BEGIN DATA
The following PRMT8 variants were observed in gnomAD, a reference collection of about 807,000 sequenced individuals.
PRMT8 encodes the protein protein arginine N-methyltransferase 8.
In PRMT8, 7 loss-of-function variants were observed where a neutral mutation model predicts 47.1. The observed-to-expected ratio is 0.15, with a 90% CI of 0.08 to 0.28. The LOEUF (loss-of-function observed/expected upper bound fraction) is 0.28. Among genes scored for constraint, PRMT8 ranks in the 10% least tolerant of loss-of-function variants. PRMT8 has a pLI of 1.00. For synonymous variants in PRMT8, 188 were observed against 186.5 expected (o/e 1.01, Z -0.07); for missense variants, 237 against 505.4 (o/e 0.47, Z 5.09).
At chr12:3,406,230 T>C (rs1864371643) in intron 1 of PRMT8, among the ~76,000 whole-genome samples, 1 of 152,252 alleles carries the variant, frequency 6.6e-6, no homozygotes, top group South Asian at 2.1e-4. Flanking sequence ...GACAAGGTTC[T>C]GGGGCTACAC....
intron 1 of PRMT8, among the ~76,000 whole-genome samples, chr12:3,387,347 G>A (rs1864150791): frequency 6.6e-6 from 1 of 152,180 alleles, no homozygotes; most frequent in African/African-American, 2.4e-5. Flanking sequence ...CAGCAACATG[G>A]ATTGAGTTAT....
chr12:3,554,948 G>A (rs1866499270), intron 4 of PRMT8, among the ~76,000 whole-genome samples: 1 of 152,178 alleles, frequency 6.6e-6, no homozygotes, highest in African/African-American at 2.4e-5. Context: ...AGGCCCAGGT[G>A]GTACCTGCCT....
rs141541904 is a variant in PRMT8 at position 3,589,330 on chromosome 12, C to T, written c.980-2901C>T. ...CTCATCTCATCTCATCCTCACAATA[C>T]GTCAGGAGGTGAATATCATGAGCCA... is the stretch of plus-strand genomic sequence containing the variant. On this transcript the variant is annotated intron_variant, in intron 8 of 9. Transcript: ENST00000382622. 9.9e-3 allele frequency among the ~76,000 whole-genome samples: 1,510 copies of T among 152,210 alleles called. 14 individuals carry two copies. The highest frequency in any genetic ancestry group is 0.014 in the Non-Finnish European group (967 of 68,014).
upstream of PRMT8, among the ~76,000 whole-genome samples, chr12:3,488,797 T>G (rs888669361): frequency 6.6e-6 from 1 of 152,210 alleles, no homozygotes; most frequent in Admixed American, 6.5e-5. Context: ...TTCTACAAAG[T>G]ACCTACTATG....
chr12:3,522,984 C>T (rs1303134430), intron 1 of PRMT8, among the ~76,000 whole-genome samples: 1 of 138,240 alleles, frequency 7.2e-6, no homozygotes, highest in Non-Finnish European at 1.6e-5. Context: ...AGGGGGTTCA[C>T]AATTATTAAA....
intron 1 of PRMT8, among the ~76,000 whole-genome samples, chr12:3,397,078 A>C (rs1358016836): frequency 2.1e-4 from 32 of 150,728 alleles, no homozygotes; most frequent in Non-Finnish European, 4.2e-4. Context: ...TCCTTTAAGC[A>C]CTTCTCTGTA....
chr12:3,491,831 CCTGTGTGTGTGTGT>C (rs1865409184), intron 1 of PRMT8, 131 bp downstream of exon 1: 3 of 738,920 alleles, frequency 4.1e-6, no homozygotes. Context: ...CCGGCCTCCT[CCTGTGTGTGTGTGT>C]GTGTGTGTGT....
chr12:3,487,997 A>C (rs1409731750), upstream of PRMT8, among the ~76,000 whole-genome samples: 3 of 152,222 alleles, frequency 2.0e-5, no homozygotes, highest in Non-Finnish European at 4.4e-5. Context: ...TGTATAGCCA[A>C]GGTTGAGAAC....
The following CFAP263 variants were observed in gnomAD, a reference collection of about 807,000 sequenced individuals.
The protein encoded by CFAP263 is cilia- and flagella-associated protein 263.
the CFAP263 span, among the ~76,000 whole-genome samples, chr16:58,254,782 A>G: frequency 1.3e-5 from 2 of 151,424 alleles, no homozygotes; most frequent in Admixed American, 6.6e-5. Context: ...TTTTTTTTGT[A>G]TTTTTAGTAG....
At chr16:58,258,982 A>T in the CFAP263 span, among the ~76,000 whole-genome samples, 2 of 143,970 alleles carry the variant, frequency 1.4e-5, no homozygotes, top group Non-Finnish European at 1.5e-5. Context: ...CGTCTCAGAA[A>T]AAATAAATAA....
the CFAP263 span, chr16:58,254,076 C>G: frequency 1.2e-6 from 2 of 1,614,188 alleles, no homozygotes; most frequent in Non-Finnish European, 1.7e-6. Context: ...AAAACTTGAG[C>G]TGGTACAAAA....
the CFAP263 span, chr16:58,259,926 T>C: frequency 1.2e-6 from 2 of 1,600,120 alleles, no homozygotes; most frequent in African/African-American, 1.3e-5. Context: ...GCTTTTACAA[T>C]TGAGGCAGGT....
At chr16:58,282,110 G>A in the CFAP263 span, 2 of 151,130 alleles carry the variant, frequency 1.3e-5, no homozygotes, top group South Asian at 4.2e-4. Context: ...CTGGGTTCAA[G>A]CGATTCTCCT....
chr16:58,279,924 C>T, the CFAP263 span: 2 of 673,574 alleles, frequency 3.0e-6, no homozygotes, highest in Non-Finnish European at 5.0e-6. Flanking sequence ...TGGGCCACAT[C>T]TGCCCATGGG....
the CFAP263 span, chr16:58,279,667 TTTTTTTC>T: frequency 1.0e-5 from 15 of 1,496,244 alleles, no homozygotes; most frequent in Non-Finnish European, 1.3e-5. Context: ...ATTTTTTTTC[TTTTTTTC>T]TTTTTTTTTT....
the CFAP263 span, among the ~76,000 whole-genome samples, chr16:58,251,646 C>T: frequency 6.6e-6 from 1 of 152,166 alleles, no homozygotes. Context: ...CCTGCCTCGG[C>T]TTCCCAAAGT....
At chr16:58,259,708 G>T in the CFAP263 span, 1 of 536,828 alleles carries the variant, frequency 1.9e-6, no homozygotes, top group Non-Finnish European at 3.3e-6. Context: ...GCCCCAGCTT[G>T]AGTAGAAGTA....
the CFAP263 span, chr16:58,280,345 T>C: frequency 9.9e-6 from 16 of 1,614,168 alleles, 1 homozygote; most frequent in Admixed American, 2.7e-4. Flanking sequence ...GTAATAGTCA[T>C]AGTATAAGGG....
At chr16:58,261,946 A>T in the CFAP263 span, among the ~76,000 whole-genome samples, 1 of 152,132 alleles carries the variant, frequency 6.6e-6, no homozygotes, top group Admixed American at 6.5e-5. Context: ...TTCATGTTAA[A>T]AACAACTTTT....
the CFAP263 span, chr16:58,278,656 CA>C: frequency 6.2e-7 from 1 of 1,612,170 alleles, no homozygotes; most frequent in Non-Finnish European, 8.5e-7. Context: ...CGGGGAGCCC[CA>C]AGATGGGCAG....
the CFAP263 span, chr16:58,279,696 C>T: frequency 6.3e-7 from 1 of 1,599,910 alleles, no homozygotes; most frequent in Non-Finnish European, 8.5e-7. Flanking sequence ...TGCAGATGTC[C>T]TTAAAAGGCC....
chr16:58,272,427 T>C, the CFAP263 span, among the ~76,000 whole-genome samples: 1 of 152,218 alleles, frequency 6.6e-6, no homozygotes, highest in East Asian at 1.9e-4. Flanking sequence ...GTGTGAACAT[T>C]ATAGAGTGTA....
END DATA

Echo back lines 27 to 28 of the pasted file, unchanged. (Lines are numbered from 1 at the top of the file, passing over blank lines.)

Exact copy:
the CFAP263 span, chr16:58,279,696 C>T: frequency 6.3e-7 from 1 of 1,599,910 alleles, no homozygotes; most frequent in Non-Finnish European, 8.5e-7. Flanking sequence ...TGCAGATGTC[C>T]TTAAAAGGCC....
chr16:58,272,427 T>C, the CFAP263 span, among the ~76,000 whole-genome samples: 1 of 152,218 alleles, frequency 6.6e-6, no homozygotes, highest in East Asian at 1.9e-4. Flanking sequence ...GTGTGAACAT[T>C]ATAGAGTGTA....